The ex-performer Danny Wylde, who claims he only ever knew two men in porn who didn’t use some kind of erectile assistance, told The Fix that he actually quit porn in 2013 after taking four times the recommended dosage of Cialis to get through a shoot and suffering a 12-hour erection, his third ever bout of priapism, that had to be drained by syringe and hearing from a doctor that he was on the verge of devastating his penile tissue for life.

Porn sex can also be physically challenging: You have to bend yourself at odd angles to cheat out for the camera, and piston pump away longer than most men can last. And porn work can be unforgiving. A faux pas on set early in one’s career, a lack of on-screen presence, or just a few too many bad vibes between you and other cast or crew members and a director or company might want nothing more to do with you. “Young performers have to be perfect with every company they work for,” says Johnny Goodluck, a relatively new talent with two years under his belt, if they want to make it into the big leagues.

“It’s a very hard, cruel business,” says Blue. “Even 10 years ago, there were only a few guys who were consistently reliable,” the A-list, top-tier stars guaranteed to book at least a shoot a day. Even in the halcyon days of the early-to-mid-2000s, top-tier performers made a bit less than their female counterparts, with some earning $1,000-plus for big shoots, but many taking gigs for somewhere between $500 and $900, depending on the scale of the production and their personal reputation. “But we work with more frequency” than our female counterparts, points out Derrick Pierce, a 15-year industry vet, “and for a longer period of time.” (The vast majority of women leave the adult industry within a few months; successful men, meanwhile, have some of the most prolific porn careers.)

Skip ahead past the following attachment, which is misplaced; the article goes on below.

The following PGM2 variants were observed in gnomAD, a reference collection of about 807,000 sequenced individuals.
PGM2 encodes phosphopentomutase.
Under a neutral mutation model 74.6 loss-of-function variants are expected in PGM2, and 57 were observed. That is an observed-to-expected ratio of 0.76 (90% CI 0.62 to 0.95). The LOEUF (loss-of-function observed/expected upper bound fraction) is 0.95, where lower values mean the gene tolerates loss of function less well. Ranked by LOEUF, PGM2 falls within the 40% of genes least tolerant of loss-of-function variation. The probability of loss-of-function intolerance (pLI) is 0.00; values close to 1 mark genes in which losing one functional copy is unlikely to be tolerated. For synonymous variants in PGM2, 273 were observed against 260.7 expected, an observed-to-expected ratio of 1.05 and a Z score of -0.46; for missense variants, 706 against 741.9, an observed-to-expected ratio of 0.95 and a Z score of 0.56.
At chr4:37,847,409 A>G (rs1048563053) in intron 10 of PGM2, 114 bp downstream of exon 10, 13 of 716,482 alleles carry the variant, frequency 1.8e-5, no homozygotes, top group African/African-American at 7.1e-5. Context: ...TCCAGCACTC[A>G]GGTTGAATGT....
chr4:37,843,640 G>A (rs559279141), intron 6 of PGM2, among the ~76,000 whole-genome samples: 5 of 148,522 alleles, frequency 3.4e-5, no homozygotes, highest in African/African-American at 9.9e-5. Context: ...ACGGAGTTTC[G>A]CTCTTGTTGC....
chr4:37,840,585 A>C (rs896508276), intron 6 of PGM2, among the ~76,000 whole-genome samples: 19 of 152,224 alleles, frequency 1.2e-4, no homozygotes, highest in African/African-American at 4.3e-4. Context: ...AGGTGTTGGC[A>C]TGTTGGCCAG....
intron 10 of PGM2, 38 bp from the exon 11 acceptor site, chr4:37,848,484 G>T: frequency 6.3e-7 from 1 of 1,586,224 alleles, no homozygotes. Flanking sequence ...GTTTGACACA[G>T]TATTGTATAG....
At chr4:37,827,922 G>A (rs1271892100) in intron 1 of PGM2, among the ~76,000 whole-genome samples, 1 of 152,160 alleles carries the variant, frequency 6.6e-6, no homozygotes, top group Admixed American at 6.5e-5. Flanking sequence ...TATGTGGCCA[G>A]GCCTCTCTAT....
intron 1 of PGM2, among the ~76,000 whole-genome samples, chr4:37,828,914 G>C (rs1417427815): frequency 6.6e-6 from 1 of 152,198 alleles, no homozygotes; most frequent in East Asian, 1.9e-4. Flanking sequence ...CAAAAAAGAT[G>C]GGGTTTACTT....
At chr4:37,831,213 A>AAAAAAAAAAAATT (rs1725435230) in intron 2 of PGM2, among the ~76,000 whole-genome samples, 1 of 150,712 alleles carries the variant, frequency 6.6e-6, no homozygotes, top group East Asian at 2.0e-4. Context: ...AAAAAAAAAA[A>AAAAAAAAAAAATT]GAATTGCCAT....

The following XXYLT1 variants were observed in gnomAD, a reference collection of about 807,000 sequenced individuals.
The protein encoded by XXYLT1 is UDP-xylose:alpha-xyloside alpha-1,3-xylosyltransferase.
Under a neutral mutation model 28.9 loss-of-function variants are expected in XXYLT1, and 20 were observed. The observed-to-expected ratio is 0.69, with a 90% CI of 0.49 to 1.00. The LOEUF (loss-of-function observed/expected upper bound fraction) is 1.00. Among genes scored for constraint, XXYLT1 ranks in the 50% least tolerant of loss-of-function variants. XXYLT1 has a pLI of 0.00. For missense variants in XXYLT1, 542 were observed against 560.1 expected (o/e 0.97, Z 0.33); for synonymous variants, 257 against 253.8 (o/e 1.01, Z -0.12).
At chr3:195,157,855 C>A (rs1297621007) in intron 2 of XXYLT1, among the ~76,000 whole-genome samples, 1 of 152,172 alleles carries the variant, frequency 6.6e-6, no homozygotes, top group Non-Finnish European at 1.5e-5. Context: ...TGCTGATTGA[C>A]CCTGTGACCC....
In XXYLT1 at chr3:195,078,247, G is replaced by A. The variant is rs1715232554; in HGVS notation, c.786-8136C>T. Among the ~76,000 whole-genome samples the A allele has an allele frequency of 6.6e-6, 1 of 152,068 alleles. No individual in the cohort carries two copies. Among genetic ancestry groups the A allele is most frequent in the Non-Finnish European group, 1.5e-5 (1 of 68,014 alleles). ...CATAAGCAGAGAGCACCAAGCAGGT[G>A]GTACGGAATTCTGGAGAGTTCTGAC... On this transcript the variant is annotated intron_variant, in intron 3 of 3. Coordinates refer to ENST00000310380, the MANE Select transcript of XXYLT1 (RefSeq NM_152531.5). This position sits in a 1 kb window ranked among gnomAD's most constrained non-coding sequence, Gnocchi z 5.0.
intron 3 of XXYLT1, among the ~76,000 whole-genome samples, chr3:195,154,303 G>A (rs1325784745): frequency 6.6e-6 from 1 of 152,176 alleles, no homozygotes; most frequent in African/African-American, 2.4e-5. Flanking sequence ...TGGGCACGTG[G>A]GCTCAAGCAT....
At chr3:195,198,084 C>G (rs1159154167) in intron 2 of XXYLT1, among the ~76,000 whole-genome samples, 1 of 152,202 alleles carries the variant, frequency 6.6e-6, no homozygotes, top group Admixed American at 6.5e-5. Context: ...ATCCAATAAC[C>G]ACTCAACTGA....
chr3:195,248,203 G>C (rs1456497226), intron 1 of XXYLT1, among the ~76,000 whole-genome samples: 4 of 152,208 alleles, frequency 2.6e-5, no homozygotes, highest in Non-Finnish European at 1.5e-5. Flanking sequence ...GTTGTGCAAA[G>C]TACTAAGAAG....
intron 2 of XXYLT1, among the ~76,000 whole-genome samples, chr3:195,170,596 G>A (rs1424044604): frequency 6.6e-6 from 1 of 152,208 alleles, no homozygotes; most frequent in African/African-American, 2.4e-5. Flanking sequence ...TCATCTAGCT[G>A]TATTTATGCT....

Still, in the aughts, it was easier across the board. There were just so many studios shooting content, points out Steve Holmes, a Romanian-German star who broke into the American industry in 2002. Producers would often hire “a lot of B and C level talent,” men without the same stamina or reputation behind them, and take a chance on plenty of fresh faces as well. Many of these newbies took low-paying work, like bit parts in group scenes that paid out just $100 or $200. But they could do plenty of that, and score the occasional windfall working for a major studio in real need of any hard member. Driller recalls getting his start a little over a decade ago with shoots for series like American Bukkake via Craigslist ads that read, “We’ll take 50 guys; get tested and come in, see if you can get hard, and we’ll go from there.”

Today, 15 to 30 absolute top-tier performers, men like Blue and Driller, still get booked for shoots all the time — up to 25 days a month — but for their same old rates because studios have less money to spare. “You get what you pay for,” says the semi-retired star Dick Chibbles, and trying to go with someone cheap or new risks everyone “sitting on set all day listening to excuses as to why a guy’s junk isn’t working,” possibly at the cost of thousands in lost time. “Pro talents all have something we’re known for. Our personalities are all very different,” adds Chibbles. “Producers and directors know the character they’re casting and usually get the right dick for the job.”

They’ll only take a chance on new talent every now and then, says Pierce, “to avoid things becoming stale” and to make sure they have new prospects on the horizon in case one of their regulars falls off the radar for any reason. Even then, new guys usually only get gigs if they have a female co-star to vouch for them, explains Driller.